FUN WITH ROCKETS
MARQUETTE- With how chilly the summer is starting off, it’s no wonder kids are enjoying being inside at Northern Michigan University in College for Kids building rockets.
College for Kids offers many different classes ranging from messy science to robotics for kids in kindergarten through eighth grade. One of the more popular classes offered by College for Kids is Advanced Rockets, where children learn to build a rocket that gets launched into the air on the last day.
JoEllen Hadel, a teacher at North Star Academy, teaches Advanced Rockets to children in grades six through eight. The class is based on a modified version of a rocket competition that NASA created, Hadel said.
“The kids are given $1 million to build their rocket and with that money they can buy supplies to build their rocket,” she said. “For example a 2-liter bottle is $200,000 and cardboard is $25,000 and so on.”
The students not only learn the best way to build a rocket and the physics behind it, they also learn how to budget money, keep a checkbook, keep records of their orders and the basic science that goes into making a bottle rocket fly.
“The kids even have to pay for a consultation if they have a question,” Hadel said. “That consult is me obviously, but I don’t give them a straight answer all the time. I give them options and they have to choose what the best option for them is.”
Perry Mesloh, 11, of Marquette said he wanted to take Advanced Rockets because it had LEGOs and rockets and he likes both of them.
“Building the rocket has been really fun,” Mesloh said. “The budgeting has been pretty easy to do and our rocket is almost done.”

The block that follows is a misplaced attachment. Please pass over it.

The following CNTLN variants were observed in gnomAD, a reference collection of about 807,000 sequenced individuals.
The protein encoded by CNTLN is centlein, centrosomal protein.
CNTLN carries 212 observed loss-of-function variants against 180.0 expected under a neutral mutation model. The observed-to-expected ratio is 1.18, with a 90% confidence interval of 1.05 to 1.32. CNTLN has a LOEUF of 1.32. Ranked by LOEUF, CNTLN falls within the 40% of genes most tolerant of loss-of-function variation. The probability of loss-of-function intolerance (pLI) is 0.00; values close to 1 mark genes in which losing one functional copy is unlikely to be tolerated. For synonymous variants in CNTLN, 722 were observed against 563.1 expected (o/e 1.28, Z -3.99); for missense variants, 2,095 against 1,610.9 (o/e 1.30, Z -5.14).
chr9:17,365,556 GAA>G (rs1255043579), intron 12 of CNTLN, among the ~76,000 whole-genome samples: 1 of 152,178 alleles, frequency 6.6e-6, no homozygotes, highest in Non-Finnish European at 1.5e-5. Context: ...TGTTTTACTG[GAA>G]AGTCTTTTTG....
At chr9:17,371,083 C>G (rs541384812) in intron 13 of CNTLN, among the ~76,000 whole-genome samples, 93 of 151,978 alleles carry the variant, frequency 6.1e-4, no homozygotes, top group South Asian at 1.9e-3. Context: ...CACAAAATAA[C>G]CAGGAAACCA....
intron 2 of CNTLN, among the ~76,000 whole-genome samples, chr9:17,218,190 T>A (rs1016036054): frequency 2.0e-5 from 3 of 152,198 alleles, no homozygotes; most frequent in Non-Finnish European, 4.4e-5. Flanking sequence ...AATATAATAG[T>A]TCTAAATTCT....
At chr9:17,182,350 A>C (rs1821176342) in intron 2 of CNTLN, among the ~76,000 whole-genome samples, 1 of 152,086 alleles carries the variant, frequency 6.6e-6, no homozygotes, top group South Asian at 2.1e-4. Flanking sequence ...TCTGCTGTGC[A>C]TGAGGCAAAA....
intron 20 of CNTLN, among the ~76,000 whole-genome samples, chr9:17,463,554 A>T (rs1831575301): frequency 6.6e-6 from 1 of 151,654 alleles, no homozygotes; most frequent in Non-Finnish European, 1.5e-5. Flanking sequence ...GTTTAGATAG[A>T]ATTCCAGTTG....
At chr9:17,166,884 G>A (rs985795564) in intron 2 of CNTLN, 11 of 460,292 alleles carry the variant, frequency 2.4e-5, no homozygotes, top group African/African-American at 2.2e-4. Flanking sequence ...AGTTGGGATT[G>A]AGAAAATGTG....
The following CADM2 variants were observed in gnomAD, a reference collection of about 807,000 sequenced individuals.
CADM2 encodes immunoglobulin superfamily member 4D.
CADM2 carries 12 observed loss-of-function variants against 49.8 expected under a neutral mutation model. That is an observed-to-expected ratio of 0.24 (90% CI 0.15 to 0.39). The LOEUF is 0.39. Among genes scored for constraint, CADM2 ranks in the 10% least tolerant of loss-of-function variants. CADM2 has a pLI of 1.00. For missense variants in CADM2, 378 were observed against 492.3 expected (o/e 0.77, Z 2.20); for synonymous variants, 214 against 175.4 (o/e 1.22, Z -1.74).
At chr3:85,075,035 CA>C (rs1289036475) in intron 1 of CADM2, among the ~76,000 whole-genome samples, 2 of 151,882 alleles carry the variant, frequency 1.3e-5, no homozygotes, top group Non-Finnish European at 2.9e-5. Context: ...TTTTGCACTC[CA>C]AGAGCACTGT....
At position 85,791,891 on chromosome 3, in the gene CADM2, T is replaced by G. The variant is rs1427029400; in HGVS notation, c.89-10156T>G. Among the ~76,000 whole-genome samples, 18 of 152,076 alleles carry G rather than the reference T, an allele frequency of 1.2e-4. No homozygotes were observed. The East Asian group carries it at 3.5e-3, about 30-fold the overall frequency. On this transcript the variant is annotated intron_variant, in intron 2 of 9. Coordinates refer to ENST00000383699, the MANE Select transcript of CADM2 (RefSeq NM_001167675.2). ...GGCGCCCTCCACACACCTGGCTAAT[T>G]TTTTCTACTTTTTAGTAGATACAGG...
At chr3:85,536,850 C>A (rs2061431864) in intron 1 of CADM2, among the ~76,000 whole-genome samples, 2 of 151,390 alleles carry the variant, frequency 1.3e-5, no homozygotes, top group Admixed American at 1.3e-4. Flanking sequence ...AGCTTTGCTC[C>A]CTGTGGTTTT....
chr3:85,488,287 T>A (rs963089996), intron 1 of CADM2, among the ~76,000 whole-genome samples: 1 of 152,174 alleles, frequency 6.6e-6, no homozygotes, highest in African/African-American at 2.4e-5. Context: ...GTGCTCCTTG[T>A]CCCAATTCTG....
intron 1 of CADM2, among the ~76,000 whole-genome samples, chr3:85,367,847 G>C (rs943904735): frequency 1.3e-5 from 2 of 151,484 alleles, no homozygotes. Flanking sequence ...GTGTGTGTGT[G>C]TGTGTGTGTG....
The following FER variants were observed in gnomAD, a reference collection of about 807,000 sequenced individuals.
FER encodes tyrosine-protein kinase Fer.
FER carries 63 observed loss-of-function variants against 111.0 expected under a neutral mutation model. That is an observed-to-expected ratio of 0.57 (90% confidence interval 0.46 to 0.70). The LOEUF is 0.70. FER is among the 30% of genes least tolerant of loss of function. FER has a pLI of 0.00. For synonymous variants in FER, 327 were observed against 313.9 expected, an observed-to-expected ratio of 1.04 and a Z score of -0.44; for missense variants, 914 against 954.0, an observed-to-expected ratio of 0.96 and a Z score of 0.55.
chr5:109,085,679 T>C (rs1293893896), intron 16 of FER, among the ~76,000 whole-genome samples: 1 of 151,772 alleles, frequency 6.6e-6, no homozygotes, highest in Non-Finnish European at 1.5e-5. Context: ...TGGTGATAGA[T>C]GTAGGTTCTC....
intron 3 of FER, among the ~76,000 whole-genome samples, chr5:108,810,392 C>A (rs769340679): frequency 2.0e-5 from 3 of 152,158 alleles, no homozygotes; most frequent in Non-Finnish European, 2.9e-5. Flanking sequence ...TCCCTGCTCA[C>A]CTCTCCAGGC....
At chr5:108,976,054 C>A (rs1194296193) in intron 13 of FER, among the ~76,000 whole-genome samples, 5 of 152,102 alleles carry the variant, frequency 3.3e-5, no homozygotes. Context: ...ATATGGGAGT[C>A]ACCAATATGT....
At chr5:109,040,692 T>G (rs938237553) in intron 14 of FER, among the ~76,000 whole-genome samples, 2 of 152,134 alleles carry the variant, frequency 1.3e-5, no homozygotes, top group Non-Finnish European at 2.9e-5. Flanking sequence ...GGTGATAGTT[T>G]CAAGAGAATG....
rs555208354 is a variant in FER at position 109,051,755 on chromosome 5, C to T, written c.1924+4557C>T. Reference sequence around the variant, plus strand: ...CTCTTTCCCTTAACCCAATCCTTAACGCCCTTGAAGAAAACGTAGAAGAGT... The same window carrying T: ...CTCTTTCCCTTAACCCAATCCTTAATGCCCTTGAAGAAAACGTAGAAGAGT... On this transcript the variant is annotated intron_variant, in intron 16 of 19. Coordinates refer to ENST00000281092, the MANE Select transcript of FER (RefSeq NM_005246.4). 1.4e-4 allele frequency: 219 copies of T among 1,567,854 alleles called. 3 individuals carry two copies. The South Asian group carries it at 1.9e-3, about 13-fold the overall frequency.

Mesloh worked with his partner Michael Mozader, 12, of Marquette to build a green and red rocket out of a 2-liter bottle and while doing so, he learned about how rockets work.
“The teacher taught us about pounds per square inch and we got a certain amount of material for free and then we had to start paying for it,” Mesloh said. “I’m excited to launch it. We reinforced our rocket with cardboard in our containment unit, so if thing takes a bad crash it won’t be ruined.”
Hadel said her favorite part of the class is seeing how the children put together their rockets and the creativity that goes into doing it.
“They are using their math skills, they are using their engineering and taking everything that they’ve learned in school in individual classes and putting it together in this class,” she said. “Sometimes it’s a real surprise to see who wins the contest because it’s not just building a rocket, it’s all of the above and it’s neat to see that.”
Adelle Whitefoot can be reached at 906-228-2500, ext. 243. Her email address is email@example.com.